5. After being given sufficient time to review the Notice and prepare a response, the Investigator shall conduct and investigation that may include witness interviews and review of documents or other relevant evidence necessary to evaluate whether or not a policy violation occurred. Both parties will be provided an equal opportunity to produce inculpatory and exculpatory information and identify possible witnesses. No party will be restricted from discussing the allegations or presenting relevant evidence. The Institute, chiefly through its investigator, shall have the burden of gathering information sufficient to reach a determination regarding responsibility. Nothing in this policy obligates the investigator to interview all of the witnesses designated by a party if such interviews would be duplicative or irrelevant. 

6. At the conclusion of the investigation, the investigator shall provide both parties and their advisors with a copy of all relevant evidence. Each party will be given at least 10 days to review the evidence, and submit a written response (if any) for the investigator’s consideration. 

7. The investigator shall then prepare a written Investigation Report fairly summarizing the relevant evidence, and provide a copy to both parties. The investigator shall submit this Investigation Report to the parties no less than ten days before any scheduled hearing. Each party may submit a written response to the Investigation Report. The purpose of the Investigative Report is to summarize factual findings, not conclusions as to whether a policy violation occurred. The investigator may also make findings that go to the credibility and cooperation of witnesses.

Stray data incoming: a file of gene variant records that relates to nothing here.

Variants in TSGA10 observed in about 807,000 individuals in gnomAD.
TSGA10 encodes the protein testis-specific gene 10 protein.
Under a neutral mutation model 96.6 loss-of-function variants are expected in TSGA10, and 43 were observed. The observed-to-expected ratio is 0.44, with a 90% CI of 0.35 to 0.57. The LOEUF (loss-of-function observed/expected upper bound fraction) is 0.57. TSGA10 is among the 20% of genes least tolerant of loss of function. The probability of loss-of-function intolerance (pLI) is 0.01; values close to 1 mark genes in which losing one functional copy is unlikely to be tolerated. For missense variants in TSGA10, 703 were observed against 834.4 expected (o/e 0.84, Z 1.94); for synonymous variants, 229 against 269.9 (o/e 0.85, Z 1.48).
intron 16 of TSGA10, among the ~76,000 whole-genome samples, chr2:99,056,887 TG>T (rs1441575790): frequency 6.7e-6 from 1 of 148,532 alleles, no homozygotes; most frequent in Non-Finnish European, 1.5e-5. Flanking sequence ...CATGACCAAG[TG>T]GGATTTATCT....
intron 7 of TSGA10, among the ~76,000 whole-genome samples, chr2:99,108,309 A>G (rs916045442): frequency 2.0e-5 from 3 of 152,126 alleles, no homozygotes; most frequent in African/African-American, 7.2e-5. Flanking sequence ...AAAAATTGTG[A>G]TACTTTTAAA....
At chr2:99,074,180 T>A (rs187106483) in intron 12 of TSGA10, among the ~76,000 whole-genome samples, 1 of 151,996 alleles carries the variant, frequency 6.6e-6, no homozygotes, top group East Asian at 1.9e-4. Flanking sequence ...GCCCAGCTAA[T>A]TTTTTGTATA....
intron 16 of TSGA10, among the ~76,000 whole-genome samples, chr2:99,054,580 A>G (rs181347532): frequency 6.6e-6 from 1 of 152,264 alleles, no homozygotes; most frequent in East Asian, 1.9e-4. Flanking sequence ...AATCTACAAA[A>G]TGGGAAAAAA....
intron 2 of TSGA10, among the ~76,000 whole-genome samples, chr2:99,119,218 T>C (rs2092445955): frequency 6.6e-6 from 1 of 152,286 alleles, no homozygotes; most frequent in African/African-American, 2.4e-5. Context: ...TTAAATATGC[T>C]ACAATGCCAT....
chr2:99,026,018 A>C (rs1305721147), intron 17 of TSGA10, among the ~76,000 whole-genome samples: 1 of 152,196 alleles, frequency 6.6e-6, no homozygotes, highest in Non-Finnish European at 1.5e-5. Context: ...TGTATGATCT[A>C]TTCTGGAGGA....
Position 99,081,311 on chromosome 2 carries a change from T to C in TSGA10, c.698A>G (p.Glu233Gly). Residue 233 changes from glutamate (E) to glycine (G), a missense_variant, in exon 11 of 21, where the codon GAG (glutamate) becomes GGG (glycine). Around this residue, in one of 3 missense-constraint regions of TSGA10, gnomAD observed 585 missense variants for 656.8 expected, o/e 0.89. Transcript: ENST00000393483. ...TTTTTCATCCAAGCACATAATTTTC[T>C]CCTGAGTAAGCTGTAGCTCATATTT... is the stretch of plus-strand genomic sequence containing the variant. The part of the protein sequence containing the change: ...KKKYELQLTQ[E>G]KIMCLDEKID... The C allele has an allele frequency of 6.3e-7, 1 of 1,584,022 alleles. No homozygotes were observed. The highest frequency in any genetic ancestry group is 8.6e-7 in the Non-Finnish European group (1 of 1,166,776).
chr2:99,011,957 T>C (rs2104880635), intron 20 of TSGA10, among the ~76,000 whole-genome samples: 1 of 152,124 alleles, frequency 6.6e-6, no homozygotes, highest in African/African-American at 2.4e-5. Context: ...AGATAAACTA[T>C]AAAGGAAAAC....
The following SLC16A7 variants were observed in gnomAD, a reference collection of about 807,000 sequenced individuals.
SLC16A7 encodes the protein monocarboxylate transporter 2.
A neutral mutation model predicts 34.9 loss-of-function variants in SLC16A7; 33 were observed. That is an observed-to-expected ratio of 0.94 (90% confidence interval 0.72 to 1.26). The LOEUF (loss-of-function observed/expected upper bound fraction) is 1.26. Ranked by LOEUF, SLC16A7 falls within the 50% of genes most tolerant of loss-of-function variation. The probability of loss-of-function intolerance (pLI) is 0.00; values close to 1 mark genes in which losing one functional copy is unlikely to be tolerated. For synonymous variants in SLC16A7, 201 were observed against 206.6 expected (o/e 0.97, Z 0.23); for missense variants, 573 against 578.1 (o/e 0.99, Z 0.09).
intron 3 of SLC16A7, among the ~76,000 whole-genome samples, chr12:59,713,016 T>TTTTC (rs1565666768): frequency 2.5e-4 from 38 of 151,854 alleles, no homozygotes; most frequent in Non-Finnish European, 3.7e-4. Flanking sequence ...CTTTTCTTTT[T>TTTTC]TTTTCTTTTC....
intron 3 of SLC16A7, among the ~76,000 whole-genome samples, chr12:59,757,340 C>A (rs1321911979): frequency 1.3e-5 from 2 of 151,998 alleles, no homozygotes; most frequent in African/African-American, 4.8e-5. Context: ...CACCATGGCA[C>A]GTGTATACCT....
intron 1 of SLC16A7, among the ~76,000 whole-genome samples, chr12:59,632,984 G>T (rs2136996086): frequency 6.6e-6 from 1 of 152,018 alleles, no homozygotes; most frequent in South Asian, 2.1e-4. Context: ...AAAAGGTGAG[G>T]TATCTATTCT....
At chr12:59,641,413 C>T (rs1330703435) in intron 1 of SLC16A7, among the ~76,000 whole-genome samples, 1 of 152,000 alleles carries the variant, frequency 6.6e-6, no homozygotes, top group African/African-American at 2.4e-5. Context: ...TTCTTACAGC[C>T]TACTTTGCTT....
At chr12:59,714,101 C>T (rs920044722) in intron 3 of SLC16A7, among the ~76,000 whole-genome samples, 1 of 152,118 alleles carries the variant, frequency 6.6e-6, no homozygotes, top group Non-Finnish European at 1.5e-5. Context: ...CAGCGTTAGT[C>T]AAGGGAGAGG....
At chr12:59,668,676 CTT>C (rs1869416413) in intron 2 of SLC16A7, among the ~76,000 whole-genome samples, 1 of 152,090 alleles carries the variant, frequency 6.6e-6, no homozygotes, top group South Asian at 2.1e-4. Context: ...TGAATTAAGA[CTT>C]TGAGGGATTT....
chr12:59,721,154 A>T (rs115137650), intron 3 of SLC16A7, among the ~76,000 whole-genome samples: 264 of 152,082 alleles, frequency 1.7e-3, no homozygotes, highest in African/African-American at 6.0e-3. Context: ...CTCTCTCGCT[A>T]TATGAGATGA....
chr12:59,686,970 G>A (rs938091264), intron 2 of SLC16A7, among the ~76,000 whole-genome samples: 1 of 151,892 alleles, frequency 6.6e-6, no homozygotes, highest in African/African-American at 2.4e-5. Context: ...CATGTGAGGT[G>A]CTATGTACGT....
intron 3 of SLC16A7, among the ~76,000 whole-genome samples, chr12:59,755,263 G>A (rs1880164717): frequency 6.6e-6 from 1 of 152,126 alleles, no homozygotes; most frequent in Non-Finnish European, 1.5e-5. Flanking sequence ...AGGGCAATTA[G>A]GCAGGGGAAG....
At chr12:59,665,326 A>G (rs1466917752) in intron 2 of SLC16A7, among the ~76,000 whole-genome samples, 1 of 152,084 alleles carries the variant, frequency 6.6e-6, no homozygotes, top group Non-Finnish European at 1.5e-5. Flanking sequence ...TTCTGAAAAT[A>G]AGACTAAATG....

E. Hearing Process 

1. The Institute shall appoint a Hearing Officer to preside over a live hearing, to be conducted promptly after the conclusion of the investigation. The Hearing Officer may be an employee of the Institution other than the Title IX Coordinator, or a third-party agent of the Institution. The Hearing Officer shall be free of any conflict of interest pertaining to the parties, and will be properly trained in accordance with Title IX regulations. 

2. The Institute shall make arrangements for the hearing to be recorded or otherwise transcribed. The Institute shall make arrangements for the hearing to be conducted such that the parties need not be physically present in the same room, but situated in such a way using technology that the parties and decision makers can simultaneously see and hear any party or witness answering questions.